He notes that PVA TePla has developed a diffusion bonding process to successfully join high alloyed aluminum materials like 6061 over the years.
Optimizing Furnace Design for Diffusion Bonding
There are various approaches to furnace design and process implementation for diffusion bonding of PCHEs. Advances in high vacuum furnace hot presses allow superior pressure control and rapid cooling systems that improve bonding, increase yields, and significantly decrease cycle time.
Manufacturers such as PVA TePla offer multi-cylinder systems with large pressing plates that accommodate various parts. The largest, the company’s MOV 843 HP, can process substrates as large as 950mm (37.4”) x 1300mm (51.18”), which is quite a large area for diffusion bonding. The pressing force is 8,000 kN. Research is underway to increase this geometrical limitation as well.
The integrated press provides remarkably consistent pressure across the entire surface by controlling and synchronizing each cylinder. The MOV also comes with built-in pressure transducers along the bottom of the pressing plate. The individual hydraulic cylinders can be adjusted in the software to achieve uniformity even over large areas based on sensor feedback.
Dr. Broich points out that high-bonding strength is critical for applications involving PCHEs in extreme settings.
“It requires a high-strength design [when a high vacuum hot press is needed] of the pressing unit [pressing rams and platens) to transfer 800 or 1000 tons at 1,000°C or even higher temperatures,” says Dr. Broich.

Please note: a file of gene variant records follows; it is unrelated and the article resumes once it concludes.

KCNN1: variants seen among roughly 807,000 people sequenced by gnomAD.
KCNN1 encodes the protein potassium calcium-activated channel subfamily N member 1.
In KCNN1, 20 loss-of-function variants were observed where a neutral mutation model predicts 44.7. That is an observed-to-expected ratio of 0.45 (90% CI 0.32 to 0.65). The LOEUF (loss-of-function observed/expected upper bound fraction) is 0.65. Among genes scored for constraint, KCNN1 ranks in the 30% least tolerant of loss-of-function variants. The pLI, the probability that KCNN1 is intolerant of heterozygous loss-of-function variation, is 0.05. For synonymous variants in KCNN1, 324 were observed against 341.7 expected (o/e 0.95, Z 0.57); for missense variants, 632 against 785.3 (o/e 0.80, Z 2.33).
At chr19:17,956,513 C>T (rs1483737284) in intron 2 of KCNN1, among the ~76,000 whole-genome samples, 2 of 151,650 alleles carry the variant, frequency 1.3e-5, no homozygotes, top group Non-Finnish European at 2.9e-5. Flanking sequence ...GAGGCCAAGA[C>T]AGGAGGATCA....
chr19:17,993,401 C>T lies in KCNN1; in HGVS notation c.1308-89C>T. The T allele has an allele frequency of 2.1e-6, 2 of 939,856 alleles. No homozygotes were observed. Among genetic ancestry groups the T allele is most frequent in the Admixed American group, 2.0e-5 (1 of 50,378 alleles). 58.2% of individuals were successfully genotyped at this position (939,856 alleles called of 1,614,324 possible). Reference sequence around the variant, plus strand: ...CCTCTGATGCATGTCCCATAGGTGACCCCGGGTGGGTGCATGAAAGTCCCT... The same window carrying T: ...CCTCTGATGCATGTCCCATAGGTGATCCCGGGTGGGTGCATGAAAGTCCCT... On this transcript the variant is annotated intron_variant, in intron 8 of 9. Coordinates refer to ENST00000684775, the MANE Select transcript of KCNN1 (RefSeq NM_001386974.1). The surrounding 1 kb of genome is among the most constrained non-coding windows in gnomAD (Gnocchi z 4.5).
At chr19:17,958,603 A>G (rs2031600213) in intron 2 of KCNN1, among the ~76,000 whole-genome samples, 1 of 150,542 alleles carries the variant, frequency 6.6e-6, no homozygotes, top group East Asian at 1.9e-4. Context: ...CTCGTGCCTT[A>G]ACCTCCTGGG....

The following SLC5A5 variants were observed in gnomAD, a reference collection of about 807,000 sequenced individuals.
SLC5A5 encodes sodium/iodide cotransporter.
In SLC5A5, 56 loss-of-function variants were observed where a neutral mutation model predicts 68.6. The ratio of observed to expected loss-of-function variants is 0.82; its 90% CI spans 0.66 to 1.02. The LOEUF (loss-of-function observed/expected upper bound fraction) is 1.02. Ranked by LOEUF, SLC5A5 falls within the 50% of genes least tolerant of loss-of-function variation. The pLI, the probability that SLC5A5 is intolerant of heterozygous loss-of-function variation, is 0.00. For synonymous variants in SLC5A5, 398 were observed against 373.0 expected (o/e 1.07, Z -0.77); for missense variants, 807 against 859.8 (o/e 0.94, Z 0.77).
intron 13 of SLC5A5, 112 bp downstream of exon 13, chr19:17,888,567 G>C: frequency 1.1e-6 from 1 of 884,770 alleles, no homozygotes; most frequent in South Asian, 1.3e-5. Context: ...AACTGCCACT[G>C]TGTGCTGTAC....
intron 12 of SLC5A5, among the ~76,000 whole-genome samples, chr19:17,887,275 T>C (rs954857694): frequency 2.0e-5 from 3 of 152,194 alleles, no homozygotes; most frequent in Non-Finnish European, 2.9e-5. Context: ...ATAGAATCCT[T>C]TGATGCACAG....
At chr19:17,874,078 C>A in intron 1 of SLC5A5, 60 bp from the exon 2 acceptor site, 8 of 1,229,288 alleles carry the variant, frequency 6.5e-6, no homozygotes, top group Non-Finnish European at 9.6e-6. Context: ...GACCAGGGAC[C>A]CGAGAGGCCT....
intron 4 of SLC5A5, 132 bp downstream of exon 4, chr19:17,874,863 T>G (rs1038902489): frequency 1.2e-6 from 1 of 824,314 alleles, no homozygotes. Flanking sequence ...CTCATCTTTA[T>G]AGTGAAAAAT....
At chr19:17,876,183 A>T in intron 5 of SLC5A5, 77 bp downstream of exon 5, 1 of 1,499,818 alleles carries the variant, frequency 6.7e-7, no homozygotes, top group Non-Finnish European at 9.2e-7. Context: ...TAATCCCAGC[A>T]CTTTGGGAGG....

In addition, the pressing unit should have a design that minimizes the mass within the hot zone while achieving uniform force distribution throughout the working space and pressing plate, according to Dr. Broich.
“The design of a diffusion bonding machine should enable the shortest cycle times possible while saving energy by reducing its thermal mass; this is very important to productivity and cost-effectiveness,” he points out.
To produce a high-quality diffusion bonded PCHE, working with an expert partner like PVA TePla can be essential for manufacturers that require process and technology support.
“Most of our customers are not familiar with this technology. We support them with basic process technical knowledge so they can correctly use the machine to produce a high-quality diffusion bonded PCHE,” says Dr. Broich.
Due to the rapidly expanding need for this precision technology in the U.S., PVA TePla is opening a diffusion bonding technology center in Corona, California. This summer, a full-scale industrial furnace that matches the capabilities offered in Germany will be available. PVA TePla will be able to demonstrate the machine’s bonding capabilities, run R&D samples, and provide processing services.
“In both the U.S. and Germany, we can demonstrate the quality of the bonds before a customer decides to invest in a machine. We handle most of the elements of process development to prove the technology and assist in scaling up to production volumes. Alternatively, we can provide full-scale contract processing for customers if they outsource production,” says Dr. Broich.